The gallbladder is responsible for releasing bile, which is designed to help breakdown fats into their useable parts. When this isn’t working well, we can experience bloating and gastrointestinal upset. Other common symptoms may include pain in the upper right abdomen, nausea, vomiting, fever, or jaundice. There are a number of things that can come up here ranging from poor function of the valve which is meant to strategically release bile, to gallstones (which can obstruct ducts), to more serious conditions. You can read more here. If it seems to be more along the lines of poor function (rather than serious disease), it may be helpful to consider a supplement which contains ox bile, bitter herbs, and/or other things that a functional medicine naturopath would be well equipped to help you explore. Where there are acute, scary levels of pain, vomiting, and fever, please seek out medical care as soon as possible.
So, as you can see, there are many different, complex conditions that can contribute to symptoms like bloating. Because of this, there can be no one solution that works for everyone, but I hope that this has provided you with some potential areas to explore further as you seek greater health and wellness for yourself (or your loved ones). Please be kind and patient with your body and your emotions as you try to find better answers. You will get there, one step at a time.
Until you find those answers, allow me to share a few of my favourite tools for soothing a grumpy, bloated belly:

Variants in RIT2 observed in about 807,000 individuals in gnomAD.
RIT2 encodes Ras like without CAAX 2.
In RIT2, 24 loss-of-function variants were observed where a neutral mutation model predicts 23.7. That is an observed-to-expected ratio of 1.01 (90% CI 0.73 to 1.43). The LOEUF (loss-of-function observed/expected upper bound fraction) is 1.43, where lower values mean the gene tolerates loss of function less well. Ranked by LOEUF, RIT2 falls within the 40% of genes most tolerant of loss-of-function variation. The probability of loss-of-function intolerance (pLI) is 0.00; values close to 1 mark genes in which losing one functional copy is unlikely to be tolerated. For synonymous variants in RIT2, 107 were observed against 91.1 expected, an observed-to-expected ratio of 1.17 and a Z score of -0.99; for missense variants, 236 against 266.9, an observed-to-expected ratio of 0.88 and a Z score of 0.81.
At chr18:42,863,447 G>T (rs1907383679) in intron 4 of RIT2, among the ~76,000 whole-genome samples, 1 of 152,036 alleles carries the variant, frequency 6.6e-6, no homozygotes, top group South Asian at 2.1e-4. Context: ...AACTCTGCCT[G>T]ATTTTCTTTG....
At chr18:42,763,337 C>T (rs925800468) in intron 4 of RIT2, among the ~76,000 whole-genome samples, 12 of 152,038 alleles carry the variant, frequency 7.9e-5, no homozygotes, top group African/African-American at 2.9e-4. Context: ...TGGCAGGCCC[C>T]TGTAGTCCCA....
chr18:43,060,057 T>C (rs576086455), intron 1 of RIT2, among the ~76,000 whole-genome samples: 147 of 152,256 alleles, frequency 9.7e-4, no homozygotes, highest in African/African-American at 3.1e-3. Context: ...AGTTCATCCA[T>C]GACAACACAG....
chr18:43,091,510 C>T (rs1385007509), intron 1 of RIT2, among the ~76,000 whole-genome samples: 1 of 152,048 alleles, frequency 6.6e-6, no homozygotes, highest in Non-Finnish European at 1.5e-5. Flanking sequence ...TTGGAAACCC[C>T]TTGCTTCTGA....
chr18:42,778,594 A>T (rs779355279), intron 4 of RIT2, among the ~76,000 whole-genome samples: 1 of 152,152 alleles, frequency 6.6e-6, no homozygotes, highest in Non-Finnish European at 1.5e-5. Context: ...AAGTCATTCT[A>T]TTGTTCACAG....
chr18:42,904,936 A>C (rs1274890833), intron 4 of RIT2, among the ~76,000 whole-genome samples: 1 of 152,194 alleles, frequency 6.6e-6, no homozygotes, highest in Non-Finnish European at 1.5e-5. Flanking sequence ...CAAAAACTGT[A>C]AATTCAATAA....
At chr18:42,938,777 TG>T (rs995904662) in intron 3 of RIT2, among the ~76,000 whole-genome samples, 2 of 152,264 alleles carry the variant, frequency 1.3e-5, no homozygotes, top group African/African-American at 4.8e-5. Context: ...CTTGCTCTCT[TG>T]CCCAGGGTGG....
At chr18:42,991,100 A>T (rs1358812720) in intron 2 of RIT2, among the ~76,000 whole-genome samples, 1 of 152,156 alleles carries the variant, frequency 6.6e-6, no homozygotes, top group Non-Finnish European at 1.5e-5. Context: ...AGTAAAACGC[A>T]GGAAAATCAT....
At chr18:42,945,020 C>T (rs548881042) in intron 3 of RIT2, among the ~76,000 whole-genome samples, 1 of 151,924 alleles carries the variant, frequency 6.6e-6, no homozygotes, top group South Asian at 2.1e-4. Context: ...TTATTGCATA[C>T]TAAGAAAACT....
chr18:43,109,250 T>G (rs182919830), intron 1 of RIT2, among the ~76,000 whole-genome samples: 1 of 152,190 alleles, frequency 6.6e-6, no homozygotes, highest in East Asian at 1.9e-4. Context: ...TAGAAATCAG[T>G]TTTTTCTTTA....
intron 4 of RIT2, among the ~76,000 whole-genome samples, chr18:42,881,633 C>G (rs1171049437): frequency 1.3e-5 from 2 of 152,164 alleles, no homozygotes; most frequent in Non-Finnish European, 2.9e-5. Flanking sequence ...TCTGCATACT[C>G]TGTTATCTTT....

- Snuggling with a heating pad or hot water bottle
- Sipping warm tea in soothing flavours like mint and ginger. Pao d’Arco tea can be a big help in improving motility (at a comfortable speed). Kombucha, Jun, and Kefir may also help to reduce bloating by improving the balance of good microbes living in your gut.
- Soaking in a warm bath with magnesium bath soak.
- Stretching – there are strategic yoga and pilates poses and movements that can help, particularly when gas is the cause of the pain. This funny video might give you a few ideas; others I’ve found effective are rocking in a “happy baby” position, child’s pose, or bringing my head down, and my bum up while in a hands and knees position. This handy device can also make elimination easier. You’re welcome 😉
If I’ve missed something that you have discovered is contributing to these symptoms for you, or if there is a treatment strategy that should be added to this resource, please do let me know. You can reach me at firstname.lastname@example.org.